Saturday, October 31, 2009

Email from Paul in Samoa !

Hi Brian,

Sorry it’s been such a long time. Life has been busy. How are you? How are things in the States?

I don’t know where to start it’s been so long and so much has happened. I’m not sure if I have told you my situation? It’s been over a year now since I left. The first three months were very intense. I could talk about the training phase forever. Some very good times and so very challenging things happened in those three months.

After graduating from training I was placed in my post. I’m on Savaii (the big island) in a district named Satupaitea on a Methodist school compound. The compound is sandwiched between the village of Vaega and Satufia if you want to look it up. The island is very beautiful and very peaceful. My position is a college (high school) teacher. The subjects are automotive mechanics, social studies, geography and English. The main reason I was brought here for was to teach automotive, but as in everything Samoa you need to be flexible that’s how I acquired the other classes.

The kids are great. Far different from the youth of America, not all the kids are great, of course there are a few bed ones here or there. The structure of the school day is much different than at home. Time isn’t valued that much here and not looked at equally. The other big difference is the priority of education. I would say it’s around forth or fifth. With that being said the education of the average Samoan student is very low. Not only is it low, but the worst part is that they don’t really have the ability to critically think.

Life moves pretty slow, not much big things happen, with the exception of the recent tsunami and earthquake activity that has been happening ever since. My internet availability is pretty poor. My island has one computer with dial up internet that does not work all the time. As of today we have a new office computer that we have been waiting computer less for 2 months now.

The travel situation is pretty rough. I have a bike that I use often, but it’s usually to hot. There are buses that run in the morning and afternoon, but they are often unreliable. Especially my bus! I have to take a boat to get to the other island. All together it takes about 5 hours to travel from my village to Apia. The good thing about it is that it keeps me in my village. Apia is nice to go to every once in a while, but I’m glad I don’t live there.

The language is great. I had a very tough time at first. Then one day it just clicked and I started understanding it. I tested at intermediate-high at the end of training and my language skills have improved a lot since then. Learning a second language is great. I took Spanish in high school but I was never at the level I’m at with Samoan. The bad part is when I go back there won’t be many opportunities to use it. That’s ok though. My language ability is one of the things that I’m proudest about in my life. The down side is that my English has suffered but I can get that back pretty quick.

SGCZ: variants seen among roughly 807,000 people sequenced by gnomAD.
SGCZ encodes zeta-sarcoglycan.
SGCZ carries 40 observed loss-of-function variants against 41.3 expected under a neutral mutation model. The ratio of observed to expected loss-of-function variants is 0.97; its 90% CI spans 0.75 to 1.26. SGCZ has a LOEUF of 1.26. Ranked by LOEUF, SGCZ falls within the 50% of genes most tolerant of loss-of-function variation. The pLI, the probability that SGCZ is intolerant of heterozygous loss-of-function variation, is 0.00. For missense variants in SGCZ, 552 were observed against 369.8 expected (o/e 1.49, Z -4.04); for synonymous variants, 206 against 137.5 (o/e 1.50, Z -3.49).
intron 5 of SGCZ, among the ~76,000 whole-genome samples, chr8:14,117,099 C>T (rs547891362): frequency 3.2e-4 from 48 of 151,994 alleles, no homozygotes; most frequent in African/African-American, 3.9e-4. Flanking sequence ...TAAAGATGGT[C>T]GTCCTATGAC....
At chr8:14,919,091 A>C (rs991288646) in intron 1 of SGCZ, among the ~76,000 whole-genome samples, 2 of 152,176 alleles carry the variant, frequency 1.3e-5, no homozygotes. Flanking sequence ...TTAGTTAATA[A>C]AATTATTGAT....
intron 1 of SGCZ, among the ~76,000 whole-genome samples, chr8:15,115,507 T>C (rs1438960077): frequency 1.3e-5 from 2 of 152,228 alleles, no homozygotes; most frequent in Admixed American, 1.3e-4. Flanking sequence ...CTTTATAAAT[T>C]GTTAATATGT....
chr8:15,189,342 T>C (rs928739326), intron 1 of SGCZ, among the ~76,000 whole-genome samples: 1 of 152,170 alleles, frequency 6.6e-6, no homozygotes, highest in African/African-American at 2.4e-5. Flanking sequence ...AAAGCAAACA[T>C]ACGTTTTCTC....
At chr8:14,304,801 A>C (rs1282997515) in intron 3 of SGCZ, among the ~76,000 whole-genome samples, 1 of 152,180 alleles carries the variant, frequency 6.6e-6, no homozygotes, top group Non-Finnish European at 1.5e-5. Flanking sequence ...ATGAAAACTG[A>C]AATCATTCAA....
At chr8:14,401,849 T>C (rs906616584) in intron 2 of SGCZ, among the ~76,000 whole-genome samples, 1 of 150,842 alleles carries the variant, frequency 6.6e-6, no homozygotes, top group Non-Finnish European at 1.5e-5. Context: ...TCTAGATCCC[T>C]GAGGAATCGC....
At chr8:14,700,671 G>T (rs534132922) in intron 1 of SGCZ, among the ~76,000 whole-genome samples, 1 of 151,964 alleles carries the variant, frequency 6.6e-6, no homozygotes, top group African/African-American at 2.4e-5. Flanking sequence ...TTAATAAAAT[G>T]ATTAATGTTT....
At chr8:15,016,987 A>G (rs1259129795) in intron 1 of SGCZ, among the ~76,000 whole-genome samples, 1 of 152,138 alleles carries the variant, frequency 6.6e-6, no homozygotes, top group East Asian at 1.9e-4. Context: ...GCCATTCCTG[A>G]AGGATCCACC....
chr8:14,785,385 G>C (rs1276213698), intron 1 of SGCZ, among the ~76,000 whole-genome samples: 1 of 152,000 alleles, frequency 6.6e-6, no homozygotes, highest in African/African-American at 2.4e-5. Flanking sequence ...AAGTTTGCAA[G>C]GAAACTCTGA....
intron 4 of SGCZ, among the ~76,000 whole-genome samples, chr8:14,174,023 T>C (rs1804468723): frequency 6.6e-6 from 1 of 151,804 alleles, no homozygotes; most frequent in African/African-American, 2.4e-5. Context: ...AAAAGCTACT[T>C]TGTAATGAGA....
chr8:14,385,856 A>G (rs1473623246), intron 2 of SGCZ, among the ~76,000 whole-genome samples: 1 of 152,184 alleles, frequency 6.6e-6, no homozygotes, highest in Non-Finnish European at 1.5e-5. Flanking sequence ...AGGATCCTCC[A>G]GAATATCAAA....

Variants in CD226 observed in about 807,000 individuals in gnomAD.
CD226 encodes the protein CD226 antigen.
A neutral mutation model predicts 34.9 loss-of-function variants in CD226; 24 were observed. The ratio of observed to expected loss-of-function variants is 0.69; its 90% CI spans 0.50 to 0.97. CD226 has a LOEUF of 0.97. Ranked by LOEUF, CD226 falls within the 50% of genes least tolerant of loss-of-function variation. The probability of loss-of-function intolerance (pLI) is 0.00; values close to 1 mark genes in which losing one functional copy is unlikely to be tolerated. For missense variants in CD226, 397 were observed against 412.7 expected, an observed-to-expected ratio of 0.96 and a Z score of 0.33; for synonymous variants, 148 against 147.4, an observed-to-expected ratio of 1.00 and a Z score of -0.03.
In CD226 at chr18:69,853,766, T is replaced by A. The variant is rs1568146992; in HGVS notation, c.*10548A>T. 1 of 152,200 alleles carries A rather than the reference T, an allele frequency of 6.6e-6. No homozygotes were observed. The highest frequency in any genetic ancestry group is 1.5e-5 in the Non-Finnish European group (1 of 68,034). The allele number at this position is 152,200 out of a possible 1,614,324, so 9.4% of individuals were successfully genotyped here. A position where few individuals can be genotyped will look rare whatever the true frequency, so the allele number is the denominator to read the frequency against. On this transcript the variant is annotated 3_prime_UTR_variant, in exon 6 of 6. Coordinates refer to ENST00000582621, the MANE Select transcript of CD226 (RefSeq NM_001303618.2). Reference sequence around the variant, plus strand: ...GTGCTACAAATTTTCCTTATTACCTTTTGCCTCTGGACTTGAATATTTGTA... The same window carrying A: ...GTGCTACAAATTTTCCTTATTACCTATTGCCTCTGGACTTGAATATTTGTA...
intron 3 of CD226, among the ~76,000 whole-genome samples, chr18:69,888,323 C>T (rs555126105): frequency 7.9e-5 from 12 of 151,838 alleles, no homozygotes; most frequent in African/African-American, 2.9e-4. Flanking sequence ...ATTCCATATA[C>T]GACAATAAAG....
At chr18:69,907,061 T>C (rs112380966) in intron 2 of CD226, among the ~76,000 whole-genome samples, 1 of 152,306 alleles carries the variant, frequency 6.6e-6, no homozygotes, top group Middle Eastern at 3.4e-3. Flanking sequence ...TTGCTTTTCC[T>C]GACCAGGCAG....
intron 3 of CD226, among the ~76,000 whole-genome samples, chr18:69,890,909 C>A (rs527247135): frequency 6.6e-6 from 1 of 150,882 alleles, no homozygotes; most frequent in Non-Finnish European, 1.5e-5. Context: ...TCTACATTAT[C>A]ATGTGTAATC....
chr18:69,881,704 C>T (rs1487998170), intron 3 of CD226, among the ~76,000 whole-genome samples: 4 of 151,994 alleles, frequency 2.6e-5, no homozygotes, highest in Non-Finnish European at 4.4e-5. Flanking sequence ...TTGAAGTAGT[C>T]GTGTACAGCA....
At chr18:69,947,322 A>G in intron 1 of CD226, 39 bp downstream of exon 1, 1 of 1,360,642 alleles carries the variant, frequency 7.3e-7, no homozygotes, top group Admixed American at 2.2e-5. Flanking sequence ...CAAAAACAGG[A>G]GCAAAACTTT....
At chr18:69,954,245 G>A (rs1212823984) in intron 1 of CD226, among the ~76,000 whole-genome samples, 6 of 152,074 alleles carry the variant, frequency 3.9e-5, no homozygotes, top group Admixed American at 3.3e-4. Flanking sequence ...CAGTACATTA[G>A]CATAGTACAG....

In my free time, which I don’t have much of is usually spent with friends, or fishing oh and of course my guitar. I had a uke, but my students broke it. Surprisingly it is very hard to find a uke here. If you do find one it is usually ridiculously cheap, poor quality Chinese product.

I will be going back to the States in Dec./Jan. for a few weeks. If you want to schedule a StruMN get together somewhere in there I would love to go. If it doesn’t work out don’t worry about it. I’m very flexible with the dates and times if that helps. My ukulele skills have weakened but my guitar skills have increased a lot. Either way I should be able to hold my own. It would be nice to dust off that nice Ohana that I picked up at the Uke Fest last year. Tell everyone I say hi!

I better get going now. Thanks for sending me the email. I really appreciate it. Sorry it has taken me so long to get back to you. Communication should be a little easier now with the new computer in the Savaii office and you know the best email address to reach me at. Please get back to me when you get some free time.

Take care, Paul

Sunday, October 18, 2009

Neck attachment time.

To attach the neck I needed to drill parallel to the body, NOT perpendicular to the top surface of the neck. To do this I clamped the neck to this jig, doing t this way allowed me to line up the brad point bit right in the center of the maple strip of my neck.

The bit tracked straight! I was a bit worried about this since I was just using the spring clamps.
I also wrapped the neck with a bit of rubber carpet backing to both protect it and help keep it from shifting.

Here it is all bolted on (temporarily).